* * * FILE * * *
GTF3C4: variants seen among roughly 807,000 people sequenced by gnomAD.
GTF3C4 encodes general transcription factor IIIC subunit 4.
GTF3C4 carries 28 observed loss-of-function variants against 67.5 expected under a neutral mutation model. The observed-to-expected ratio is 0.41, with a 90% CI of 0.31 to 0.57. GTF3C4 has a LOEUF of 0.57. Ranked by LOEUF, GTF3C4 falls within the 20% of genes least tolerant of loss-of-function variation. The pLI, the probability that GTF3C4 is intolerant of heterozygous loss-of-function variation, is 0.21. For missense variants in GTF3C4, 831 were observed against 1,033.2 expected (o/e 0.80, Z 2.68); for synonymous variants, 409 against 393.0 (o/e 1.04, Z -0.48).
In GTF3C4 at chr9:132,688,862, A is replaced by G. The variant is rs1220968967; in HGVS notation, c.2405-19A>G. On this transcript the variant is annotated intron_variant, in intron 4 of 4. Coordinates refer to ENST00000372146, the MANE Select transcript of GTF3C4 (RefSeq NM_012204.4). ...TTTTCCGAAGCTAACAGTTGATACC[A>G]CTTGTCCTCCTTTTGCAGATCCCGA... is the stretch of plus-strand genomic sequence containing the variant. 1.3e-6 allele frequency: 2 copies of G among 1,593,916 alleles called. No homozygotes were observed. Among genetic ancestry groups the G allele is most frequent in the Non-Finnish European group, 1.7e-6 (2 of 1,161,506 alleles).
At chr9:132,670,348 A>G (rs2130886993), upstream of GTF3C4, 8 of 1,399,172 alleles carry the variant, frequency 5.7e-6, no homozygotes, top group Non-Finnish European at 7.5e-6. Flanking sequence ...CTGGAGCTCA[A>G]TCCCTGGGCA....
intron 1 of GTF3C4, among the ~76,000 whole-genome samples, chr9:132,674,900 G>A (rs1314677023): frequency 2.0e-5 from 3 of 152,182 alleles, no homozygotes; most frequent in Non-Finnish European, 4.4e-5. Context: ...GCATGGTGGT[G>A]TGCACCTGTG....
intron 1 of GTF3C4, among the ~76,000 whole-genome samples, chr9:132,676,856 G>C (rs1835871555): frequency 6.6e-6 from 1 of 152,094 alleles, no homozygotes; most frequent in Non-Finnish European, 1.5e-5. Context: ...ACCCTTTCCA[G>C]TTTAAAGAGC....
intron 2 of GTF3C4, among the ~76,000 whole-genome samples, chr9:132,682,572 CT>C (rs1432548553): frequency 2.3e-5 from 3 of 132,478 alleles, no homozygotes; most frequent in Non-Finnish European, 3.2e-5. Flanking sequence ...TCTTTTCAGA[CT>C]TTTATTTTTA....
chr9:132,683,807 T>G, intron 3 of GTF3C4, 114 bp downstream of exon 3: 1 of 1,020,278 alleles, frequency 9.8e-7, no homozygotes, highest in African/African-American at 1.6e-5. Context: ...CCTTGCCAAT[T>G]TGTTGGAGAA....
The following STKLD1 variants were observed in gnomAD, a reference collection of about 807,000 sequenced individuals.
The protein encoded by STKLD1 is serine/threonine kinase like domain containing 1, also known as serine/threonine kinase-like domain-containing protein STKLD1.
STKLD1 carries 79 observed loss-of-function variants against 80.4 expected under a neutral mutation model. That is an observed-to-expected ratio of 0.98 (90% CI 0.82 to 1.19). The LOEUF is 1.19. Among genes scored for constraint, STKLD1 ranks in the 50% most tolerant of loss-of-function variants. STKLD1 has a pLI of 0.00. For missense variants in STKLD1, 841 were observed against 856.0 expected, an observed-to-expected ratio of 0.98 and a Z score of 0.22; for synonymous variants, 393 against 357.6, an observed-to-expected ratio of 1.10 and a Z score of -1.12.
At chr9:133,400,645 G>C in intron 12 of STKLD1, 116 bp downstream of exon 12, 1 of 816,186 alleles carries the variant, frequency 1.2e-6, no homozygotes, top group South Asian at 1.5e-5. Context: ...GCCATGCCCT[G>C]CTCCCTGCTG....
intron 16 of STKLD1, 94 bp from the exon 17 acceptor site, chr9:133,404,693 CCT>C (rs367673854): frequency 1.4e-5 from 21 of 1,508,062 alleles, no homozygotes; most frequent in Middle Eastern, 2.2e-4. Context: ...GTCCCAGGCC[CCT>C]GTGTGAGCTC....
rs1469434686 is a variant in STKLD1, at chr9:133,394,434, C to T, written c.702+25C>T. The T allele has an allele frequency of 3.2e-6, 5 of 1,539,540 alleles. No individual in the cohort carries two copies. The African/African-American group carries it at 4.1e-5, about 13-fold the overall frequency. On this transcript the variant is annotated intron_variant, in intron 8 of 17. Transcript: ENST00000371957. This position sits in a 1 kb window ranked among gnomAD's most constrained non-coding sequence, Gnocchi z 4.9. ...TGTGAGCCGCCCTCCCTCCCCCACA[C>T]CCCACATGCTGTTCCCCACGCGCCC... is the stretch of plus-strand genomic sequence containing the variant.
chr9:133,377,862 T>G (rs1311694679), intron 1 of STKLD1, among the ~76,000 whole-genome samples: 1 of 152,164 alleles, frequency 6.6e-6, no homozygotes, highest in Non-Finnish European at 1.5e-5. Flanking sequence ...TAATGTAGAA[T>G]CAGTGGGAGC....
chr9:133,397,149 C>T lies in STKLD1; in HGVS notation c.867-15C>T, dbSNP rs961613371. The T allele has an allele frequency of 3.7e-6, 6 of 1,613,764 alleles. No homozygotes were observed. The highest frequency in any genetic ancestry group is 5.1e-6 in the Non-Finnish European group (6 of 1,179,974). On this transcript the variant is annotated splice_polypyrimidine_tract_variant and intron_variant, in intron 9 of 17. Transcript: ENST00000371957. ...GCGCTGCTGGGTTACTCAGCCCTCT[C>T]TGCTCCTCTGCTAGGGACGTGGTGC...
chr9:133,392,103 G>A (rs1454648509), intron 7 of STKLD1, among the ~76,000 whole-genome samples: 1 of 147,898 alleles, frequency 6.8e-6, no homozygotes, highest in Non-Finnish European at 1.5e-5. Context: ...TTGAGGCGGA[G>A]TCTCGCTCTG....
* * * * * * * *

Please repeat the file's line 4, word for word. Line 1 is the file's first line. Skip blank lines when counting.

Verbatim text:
In GTF3C4 at chr9:132,688,862, A is replaced by G. The variant is rs1220968967; in HGVS notation, c.2405-19A>G. On this transcript the variant is annotated intron_variant, in intron 4 of 4. Coordinates refer to ENST00000372146, the MANE Select transcript of GTF3C4 (RefSeq NM_012204.4). ...TTTTCCGAAGCTAACAGTTGATACC[A>G]CTTGTCCTCCTTTTGCAGATCCCGA... is the stretch of plus-strand genomic sequence containing the variant. 1.3e-6 allele frequency: 2 copies of G among 1,593,916 alleles called. No homozygotes were observed. Among genetic ancestry groups the G allele is most frequent in the Non-Finnish European group, 1.7e-6 (2 of 1,161,506 alleles).